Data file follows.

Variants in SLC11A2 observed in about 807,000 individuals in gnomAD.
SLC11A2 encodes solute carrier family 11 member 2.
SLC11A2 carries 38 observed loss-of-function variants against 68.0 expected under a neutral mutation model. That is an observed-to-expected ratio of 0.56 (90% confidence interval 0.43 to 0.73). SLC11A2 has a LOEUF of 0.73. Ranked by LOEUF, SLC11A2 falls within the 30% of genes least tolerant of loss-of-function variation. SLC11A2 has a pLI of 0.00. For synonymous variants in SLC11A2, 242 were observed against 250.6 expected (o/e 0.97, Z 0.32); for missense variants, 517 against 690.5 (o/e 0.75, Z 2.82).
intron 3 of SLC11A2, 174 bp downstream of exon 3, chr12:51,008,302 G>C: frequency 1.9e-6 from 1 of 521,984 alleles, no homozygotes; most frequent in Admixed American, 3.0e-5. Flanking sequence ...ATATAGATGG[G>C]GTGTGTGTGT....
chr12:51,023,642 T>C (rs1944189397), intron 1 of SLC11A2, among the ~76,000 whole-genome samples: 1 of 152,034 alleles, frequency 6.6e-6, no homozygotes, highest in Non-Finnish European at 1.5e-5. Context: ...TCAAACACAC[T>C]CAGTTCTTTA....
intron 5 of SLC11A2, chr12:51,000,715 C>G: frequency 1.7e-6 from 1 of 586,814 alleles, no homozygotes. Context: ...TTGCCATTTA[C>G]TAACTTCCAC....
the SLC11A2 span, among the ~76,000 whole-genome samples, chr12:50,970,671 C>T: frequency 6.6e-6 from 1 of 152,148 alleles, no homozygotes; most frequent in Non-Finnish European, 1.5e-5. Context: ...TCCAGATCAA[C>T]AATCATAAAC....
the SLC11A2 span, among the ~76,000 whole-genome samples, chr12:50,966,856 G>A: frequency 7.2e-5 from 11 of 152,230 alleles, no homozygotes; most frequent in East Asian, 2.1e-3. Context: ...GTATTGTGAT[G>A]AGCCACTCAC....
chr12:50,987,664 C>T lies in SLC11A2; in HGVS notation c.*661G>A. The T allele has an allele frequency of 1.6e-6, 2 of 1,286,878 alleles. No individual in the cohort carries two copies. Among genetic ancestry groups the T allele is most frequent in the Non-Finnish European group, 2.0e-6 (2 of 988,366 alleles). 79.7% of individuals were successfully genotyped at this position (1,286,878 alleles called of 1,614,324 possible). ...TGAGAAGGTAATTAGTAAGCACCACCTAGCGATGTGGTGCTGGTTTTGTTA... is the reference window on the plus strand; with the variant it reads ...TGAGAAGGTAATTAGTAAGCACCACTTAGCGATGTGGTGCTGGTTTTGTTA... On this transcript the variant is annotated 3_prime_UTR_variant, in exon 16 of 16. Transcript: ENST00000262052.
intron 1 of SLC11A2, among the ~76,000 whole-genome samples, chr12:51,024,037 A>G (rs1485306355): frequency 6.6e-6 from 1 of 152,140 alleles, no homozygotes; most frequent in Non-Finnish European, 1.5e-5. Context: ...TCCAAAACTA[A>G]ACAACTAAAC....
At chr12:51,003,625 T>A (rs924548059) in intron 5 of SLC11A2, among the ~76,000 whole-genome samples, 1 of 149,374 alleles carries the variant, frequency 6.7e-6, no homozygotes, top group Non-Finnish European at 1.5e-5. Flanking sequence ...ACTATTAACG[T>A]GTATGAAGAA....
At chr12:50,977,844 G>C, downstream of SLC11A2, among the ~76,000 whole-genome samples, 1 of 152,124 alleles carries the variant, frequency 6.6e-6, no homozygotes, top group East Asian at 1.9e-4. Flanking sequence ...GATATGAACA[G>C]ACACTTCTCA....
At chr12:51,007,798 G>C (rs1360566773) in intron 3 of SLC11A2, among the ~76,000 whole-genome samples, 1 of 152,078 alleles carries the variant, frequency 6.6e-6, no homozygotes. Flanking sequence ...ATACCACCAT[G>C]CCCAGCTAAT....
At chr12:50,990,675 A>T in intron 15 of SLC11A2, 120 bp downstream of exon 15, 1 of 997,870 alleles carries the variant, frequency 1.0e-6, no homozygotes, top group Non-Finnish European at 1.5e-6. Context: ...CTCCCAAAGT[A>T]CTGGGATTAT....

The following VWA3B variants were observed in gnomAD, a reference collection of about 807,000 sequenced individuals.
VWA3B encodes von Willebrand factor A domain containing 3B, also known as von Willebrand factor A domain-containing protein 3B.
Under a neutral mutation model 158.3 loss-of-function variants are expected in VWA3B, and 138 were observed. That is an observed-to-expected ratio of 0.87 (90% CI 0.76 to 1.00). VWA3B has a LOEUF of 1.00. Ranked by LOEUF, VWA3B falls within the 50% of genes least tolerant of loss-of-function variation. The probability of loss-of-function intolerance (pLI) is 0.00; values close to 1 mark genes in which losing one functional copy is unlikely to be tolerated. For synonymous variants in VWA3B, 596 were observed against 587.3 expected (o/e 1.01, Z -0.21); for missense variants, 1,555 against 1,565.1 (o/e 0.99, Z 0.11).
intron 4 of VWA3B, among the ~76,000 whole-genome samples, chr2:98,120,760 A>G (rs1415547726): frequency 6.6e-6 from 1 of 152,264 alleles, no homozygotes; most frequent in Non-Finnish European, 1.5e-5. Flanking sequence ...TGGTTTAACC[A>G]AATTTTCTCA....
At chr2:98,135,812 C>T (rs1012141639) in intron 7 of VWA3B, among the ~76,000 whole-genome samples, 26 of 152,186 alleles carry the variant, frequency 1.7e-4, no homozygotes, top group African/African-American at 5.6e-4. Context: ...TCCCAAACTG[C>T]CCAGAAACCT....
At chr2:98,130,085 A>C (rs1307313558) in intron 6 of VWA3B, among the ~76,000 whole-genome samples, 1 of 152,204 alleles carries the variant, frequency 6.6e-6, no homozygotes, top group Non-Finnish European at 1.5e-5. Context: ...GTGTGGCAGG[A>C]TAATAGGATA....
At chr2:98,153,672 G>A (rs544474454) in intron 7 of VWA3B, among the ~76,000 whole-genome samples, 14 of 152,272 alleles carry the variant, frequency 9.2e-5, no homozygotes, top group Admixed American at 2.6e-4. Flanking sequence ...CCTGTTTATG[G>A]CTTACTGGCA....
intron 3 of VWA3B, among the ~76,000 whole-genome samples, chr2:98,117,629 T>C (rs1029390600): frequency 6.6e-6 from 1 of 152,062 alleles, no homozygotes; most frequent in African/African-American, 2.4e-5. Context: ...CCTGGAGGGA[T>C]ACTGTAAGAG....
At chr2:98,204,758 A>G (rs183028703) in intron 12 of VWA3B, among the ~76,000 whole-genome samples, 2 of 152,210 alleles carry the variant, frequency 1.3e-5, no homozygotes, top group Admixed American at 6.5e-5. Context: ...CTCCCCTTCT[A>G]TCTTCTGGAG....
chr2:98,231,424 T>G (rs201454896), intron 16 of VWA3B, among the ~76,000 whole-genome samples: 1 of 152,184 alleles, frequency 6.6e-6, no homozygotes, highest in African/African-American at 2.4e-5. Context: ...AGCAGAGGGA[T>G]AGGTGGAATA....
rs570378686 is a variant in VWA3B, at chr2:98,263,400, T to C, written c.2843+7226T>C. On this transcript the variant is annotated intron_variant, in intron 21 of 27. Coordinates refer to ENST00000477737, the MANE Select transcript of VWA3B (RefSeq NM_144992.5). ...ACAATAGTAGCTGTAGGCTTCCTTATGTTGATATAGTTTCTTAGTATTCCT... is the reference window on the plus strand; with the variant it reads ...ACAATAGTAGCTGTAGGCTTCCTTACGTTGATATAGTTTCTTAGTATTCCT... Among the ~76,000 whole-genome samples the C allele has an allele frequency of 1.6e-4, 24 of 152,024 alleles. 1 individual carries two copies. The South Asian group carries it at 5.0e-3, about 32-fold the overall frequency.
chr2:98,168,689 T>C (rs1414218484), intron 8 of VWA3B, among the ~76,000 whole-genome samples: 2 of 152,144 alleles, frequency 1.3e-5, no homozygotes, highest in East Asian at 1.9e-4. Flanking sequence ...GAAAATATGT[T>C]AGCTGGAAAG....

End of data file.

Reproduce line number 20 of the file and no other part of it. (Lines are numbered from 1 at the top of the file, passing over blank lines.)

At chr2:98,130,085 A>C (rs1307313558) in intron 6 of VWA3B, among the ~76,000 whole-genome samples, 1 of 152,204 alleles carries the variant, frequency 6.6e-6, no homozygotes, top group Non-Finnish European at 1.5e-5. Context: ...GTGTGGCAGG[A>C]TAATAGGATA....